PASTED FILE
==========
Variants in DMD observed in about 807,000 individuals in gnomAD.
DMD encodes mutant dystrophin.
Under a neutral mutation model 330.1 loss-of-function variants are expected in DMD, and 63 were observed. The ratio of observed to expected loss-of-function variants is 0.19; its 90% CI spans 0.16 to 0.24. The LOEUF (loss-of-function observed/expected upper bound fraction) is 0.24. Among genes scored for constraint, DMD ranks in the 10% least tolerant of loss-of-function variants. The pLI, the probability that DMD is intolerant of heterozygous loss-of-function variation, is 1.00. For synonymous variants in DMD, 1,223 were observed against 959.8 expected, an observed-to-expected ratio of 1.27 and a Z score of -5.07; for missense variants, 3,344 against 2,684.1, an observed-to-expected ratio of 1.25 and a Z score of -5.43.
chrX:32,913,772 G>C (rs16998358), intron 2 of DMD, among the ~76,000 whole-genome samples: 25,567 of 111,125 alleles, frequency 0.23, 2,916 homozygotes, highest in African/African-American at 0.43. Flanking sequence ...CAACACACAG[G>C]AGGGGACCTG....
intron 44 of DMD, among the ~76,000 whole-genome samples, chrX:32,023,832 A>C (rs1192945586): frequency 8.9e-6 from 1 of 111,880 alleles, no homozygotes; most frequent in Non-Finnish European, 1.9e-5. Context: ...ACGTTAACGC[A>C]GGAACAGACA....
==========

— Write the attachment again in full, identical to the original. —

Variants in DMD observed in about 807,000 individuals in gnomAD.
DMD encodes mutant dystrophin.
Under a neutral mutation model 330.1 loss-of-function variants are expected in DMD, and 63 were observed. The ratio of observed to expected loss-of-function variants is 0.19; its 90% CI spans 0.16 to 0.24. The LOEUF (loss-of-function observed/expected upper bound fraction) is 0.24. Among genes scored for constraint, DMD ranks in the 10% least tolerant of loss-of-function variants. The pLI, the probability that DMD is intolerant of heterozygous loss-of-function variation, is 1.00. For synonymous variants in DMD, 1,223 were observed against 959.8 expected, an observed-to-expected ratio of 1.27 and a Z score of -5.07; for missense variants, 3,344 against 2,684.1, an observed-to-expected ratio of 1.25 and a Z score of -5.43.
chrX:32,913,772 G>C (rs16998358), intron 2 of DMD, among the ~76,000 whole-genome samples: 25,567 of 111,125 alleles, frequency 0.23, 2,916 homozygotes, highest in African/African-American at 0.43. Flanking sequence ...CAACACACAG[G>C]AGGGGACCTG....
intron 44 of DMD, among the ~76,000 whole-genome samples, chrX:32,023,832 A>C (rs1192945586): frequency 8.9e-6 from 1 of 111,880 alleles, no homozygotes; most frequent in Non-Finnish European, 1.9e-5. Context: ...ACGTTAACGC[A>C]GGAACAGACA....